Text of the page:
Pete’s, also known as “the tavern that O. Henry made famous,” is a vestige of the Civil War era. The building itself dates back to 1829, though it was not operated as a bar until 1864. Its large signs claiming to be the oldest bar in the city have been greatly disputed by McSorley’s.
As was the case for most of the previous pubs, Prohibition meant business as usual, though its brief status as a flower shop was one of the more creative covers. It lies in the Gramercy Park Historical District, and though it has not been specifically designated as a New York City landmark, it certainly enjoys its status as one of the oldest bars in NYC.
6. The Paris Café (1873)
Established in 1873, when the South Street Seaport was a working port, the Paris Café was originally part of Meyers Hotel and Bar across the street from the Fulton Fish Market. It was frequented by luminaries like Teddy Roosevelt, Thomas Edison, Butch Cassidy, and Lauren Bacall.
In 2012, the pub was all but destroyed by Hurricane Sandy, which blew right threw the doors and flooded the place to the ceiling. Wine glasses were found floating in the water and just about everything was trashed, but the bar was restored and reopened in 2013. It recently underwent another closure as COVID-19 devastated New York’s bars, but recently reopened under new ownership. Its 1873 German Victorian bar has been restored.
7. P.J. Clarke’s (1884)
Dating back to 1884, P. J. Clarke’s has been a staple of the East side for more than a century, and its history has been recounted to almost mythic proportions. In the 1940s Johnny Mercer wrote his song “One For My Baby” on a napkin at P.J. Clarke’s, and a young Sinatra regularly ended nights here. Buddy Holly proposed to his wife there and Keith Richards gave an unplanned performance of “Brown Sugar” at the bar. It is has also served as the location for numerous films, including The Lost Weekend and Annie Hall, and the television series Mad Men.
The bar is named after its second owner, Irish immigrant Patrick J. Clarke, who bought it in 1912. As a holdout, the two story establishment stands in particular contrast to the skyscrapers that surround it. The upper floor houses Sidecar, a restaurant that provides a more refined dining experience.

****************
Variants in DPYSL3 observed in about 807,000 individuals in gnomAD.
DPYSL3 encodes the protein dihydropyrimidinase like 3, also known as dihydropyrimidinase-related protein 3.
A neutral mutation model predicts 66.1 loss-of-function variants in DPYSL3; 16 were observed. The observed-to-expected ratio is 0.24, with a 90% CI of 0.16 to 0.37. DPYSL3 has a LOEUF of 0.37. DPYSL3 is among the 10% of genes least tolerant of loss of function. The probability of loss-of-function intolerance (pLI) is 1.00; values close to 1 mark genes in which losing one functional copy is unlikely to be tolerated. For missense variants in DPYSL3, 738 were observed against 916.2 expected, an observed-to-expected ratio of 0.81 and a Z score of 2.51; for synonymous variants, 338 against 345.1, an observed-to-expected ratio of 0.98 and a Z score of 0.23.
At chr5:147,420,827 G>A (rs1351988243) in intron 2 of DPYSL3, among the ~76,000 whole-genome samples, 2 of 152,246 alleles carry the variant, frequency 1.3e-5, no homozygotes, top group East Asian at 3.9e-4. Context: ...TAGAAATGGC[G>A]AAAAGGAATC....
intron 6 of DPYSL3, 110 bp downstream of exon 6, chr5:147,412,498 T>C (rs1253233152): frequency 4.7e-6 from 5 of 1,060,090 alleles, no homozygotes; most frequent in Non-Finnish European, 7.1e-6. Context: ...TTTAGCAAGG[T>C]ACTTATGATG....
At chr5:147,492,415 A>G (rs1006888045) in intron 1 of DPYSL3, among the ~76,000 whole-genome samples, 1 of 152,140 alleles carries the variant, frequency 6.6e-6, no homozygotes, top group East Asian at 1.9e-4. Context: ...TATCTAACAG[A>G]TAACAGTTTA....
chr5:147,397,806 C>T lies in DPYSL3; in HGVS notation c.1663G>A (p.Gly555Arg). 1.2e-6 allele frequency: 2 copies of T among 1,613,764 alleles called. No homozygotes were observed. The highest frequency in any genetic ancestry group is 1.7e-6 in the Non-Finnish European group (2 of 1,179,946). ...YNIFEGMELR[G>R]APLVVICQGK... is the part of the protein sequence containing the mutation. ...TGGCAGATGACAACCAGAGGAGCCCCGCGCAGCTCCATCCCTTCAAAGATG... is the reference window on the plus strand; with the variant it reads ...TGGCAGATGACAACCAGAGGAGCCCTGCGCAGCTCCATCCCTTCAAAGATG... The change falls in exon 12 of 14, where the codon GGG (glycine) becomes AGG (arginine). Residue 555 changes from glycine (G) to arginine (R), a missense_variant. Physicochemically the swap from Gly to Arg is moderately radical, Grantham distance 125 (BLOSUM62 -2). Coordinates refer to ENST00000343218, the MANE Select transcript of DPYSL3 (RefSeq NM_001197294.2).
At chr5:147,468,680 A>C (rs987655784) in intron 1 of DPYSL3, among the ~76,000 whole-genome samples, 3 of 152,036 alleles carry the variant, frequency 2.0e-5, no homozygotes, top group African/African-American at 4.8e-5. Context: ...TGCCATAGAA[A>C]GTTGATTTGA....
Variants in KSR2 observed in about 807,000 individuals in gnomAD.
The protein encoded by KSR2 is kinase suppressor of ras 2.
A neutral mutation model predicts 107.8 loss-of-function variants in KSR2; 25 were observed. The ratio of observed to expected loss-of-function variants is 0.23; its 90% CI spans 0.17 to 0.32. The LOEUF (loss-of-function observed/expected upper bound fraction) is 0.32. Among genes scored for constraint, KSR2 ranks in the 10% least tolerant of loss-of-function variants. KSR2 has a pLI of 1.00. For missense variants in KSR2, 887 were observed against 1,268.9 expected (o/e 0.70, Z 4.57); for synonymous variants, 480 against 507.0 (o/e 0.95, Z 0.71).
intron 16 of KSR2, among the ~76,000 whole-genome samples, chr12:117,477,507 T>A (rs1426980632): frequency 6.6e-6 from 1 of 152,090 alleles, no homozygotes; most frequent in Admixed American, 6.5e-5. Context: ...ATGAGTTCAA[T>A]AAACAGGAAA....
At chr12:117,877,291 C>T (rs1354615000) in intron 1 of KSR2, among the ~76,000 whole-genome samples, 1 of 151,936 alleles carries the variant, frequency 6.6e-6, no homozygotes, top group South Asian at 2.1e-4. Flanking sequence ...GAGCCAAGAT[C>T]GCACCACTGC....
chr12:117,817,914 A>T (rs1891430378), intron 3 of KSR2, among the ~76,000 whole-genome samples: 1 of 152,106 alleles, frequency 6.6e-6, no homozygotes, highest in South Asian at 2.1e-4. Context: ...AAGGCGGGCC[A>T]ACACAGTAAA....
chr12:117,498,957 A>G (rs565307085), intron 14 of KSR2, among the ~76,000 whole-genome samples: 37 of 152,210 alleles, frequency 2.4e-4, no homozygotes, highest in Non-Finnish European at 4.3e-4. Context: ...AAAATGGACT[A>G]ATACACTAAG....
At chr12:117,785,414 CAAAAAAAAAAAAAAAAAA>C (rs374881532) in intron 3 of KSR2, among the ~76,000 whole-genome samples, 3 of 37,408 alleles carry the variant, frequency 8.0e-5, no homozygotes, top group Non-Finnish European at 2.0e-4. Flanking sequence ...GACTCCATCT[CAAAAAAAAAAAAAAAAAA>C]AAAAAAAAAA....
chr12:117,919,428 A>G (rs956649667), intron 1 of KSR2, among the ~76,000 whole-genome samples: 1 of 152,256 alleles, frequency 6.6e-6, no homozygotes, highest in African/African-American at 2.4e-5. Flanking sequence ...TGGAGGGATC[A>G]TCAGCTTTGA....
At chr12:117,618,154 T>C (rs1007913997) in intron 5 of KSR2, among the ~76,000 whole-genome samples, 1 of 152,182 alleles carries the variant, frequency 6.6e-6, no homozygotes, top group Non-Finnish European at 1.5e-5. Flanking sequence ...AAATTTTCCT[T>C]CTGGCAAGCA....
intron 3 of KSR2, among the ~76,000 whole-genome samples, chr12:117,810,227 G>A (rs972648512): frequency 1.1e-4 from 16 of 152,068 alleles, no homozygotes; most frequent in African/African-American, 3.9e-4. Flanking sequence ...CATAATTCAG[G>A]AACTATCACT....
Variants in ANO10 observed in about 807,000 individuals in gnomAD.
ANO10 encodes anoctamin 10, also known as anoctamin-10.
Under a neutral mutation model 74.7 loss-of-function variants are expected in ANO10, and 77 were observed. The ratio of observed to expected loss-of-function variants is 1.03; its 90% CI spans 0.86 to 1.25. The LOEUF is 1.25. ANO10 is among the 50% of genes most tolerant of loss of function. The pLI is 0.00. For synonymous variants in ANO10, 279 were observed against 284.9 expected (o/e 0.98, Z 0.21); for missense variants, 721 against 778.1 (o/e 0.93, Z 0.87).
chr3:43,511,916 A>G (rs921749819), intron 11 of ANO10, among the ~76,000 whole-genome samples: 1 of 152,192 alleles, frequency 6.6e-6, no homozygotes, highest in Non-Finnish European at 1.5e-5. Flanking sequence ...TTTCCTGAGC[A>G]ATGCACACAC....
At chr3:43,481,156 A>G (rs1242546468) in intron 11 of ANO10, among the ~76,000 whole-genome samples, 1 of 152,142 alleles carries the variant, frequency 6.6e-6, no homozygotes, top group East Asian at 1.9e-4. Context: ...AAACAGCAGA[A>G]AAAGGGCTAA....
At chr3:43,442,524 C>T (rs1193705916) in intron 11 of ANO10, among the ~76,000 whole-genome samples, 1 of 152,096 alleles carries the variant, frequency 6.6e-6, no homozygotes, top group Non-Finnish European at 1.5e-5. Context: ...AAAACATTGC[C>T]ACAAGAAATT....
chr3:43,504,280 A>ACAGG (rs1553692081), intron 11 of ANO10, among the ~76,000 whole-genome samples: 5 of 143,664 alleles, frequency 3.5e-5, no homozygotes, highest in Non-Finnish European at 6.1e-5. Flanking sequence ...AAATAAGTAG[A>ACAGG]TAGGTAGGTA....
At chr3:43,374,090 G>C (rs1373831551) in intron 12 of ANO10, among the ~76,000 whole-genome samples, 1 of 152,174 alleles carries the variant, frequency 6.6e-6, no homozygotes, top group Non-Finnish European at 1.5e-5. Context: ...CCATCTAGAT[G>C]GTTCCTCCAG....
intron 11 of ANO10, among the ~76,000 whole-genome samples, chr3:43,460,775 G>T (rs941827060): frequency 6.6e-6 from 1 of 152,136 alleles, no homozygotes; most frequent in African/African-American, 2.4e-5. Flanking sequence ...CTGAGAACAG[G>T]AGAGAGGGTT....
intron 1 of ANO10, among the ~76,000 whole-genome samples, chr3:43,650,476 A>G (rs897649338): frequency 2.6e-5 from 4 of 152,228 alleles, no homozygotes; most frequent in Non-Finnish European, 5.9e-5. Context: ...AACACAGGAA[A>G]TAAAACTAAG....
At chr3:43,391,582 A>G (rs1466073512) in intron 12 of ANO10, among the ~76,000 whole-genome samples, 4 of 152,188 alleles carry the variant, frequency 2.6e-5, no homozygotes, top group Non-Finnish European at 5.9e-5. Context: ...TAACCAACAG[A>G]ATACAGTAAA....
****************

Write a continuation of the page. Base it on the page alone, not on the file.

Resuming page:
8. Old Town Bar (1892)
Old Town Bar joined the Union Square neighborhood in 1882 as Viemeister’s. Like many of the other bars on this list, it survived Prohibition by becoming a speakeasy under the name Craig’s Restaurant. During this stage in the bar’s history, patrons could hide their alcohol in a compartment underneath their seats.
Old Town opened as a German-style saloon that served only men at the bar, with an upper dining room where whole families could gather. It retains some of its decor from the 1930s as well as a pair of functioning 19th century Hinsdale urinals (which celebrated their 100-year anniversary in 2010). Though it has been popular in film, Old Town is also known as a literary bar—Frank McCourt, Billy Collins, and Nick Hornby are among the writers who frequented the high-ceilinged establishment.
9. The White Horse Tavern (1880)
The “Kerouac, go home!” that once decorated this tavern’s bathroom walls was a testament to how much the Beat generation author frequented this place. What began as a watering hole for longshoremen in 1880 became a literary hangout in the 1950’s. Among its many acclaimed patrons, Dylan Thomas was one of the most frequent. It is said that his ghost haunts his favorite table in the center of the room, where he took his final drink and his picture now hangs.
One of the oldest bars in NYC, the White Horse Tavern was also a favorite of Michael Harrington (whose book helped inspire the ‘War on Poverty’) and author/political organizer Dan Wakefield. For a time it was a gathering place for writers of the Village Voice, whose original offices were a few blocks from the tavern.
10. Mulberry Street Bar (1908)
This Little Italy haunt was established over a hundred years ago, as a small bar called Mare Chiaro. Its rich history as one of the oldest bars in NYC remains in its original subway tile floor, wooden bar, and pressed-tin ceiling. The bar stayed in the same family for a couple of generations, before being purchased in 2003 by current owner Ed Welsh. His updates have made the bar good for sports fans and karaoke lovers alike, but nothing beats the juke box stocked with Connie Francis, Frank Sinatra, and Four Tops. It has been the site of many films, including Donnie Brasco, Men of Honor, and The Godfather Part III.
Trying to pay with a credit card? Fuhgeddaboudit. They only take cash.
Additional reporting by Laura Itzkowitz and Cybele Mayes-Osterman.